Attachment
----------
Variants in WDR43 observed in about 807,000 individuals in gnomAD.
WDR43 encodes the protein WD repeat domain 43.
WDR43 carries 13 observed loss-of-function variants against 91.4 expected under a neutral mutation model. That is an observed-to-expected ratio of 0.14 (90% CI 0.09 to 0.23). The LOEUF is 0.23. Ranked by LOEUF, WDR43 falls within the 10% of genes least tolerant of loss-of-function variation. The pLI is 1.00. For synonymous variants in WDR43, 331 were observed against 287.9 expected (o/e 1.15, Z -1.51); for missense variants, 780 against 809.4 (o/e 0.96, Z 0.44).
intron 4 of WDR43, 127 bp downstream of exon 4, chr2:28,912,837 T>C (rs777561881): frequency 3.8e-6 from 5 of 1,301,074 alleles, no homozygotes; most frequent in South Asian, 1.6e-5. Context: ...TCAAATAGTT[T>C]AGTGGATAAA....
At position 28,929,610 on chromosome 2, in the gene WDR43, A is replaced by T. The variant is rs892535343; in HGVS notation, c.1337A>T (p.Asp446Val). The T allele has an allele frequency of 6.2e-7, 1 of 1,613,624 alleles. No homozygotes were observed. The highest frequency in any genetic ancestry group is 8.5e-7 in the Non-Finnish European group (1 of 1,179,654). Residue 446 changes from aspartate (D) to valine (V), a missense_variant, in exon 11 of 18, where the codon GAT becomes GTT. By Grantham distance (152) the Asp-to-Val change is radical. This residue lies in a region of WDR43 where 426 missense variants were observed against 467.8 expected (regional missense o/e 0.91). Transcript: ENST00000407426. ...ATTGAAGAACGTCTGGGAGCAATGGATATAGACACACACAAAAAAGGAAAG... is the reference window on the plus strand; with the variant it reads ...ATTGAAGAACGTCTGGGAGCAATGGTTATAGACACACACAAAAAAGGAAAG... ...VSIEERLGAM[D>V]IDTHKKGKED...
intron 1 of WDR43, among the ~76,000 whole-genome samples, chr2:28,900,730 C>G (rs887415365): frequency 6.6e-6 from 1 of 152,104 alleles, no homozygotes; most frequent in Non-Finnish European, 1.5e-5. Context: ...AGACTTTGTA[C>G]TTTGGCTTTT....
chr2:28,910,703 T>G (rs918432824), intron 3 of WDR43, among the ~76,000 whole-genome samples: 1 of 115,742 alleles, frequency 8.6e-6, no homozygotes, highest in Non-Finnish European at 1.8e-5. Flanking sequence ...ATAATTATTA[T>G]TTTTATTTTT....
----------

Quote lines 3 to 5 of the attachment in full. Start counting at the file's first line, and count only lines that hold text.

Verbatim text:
WDR43 carries 13 observed loss-of-function variants against 91.4 expected under a neutral mutation model. That is an observed-to-expected ratio of 0.14 (90% CI 0.09 to 0.23). The LOEUF is 0.23. Ranked by LOEUF, WDR43 falls within the 10% of genes least tolerant of loss-of-function variation. The pLI is 1.00. For synonymous variants in WDR43, 331 were observed against 287.9 expected (o/e 1.15, Z -1.51); for missense variants, 780 against 809.4 (o/e 0.96, Z 0.44).
intron 4 of WDR43, 127 bp downstream of exon 4, chr2:28,912,837 T>C (rs777561881): frequency 3.8e-6 from 5 of 1,301,074 alleles, no homozygotes; most frequent in South Asian, 1.6e-5. Context: ...TCAAATAGTT[T>C]AGTGGATAAA....
At position 28,929,610 on chromosome 2, in the gene WDR43, A is replaced by T. The variant is rs892535343; in HGVS notation, c.1337A>T (p.Asp446Val). The T allele has an allele frequency of 6.2e-7, 1 of 1,613,624 alleles. No homozygotes were observed. The highest frequency in any genetic ancestry group is 8.5e-7 in the Non-Finnish European group (1 of 1,179,654). Residue 446 changes from aspartate (D) to valine (V), a missense_variant, in exon 11 of 18, where the codon GAT becomes GTT. By Grantham distance (152) the Asp-to-Val change is radical. This residue lies in a region of WDR43 where 426 missense variants were observed against 467.8 expected (regional missense o/e 0.91). Transcript: ENST00000407426. ...ATTGAAGAACGTCTGGGAGCAATGGATATAGACACACACAAAAAAGGAAAG... is the reference window on the plus strand; with the variant it reads ...ATTGAAGAACGTCTGGGAGCAATGGTTATAGACACACACAAAAAAGGAAAG... ...VSIEERLGAM[D>V]IDTHKKGKED...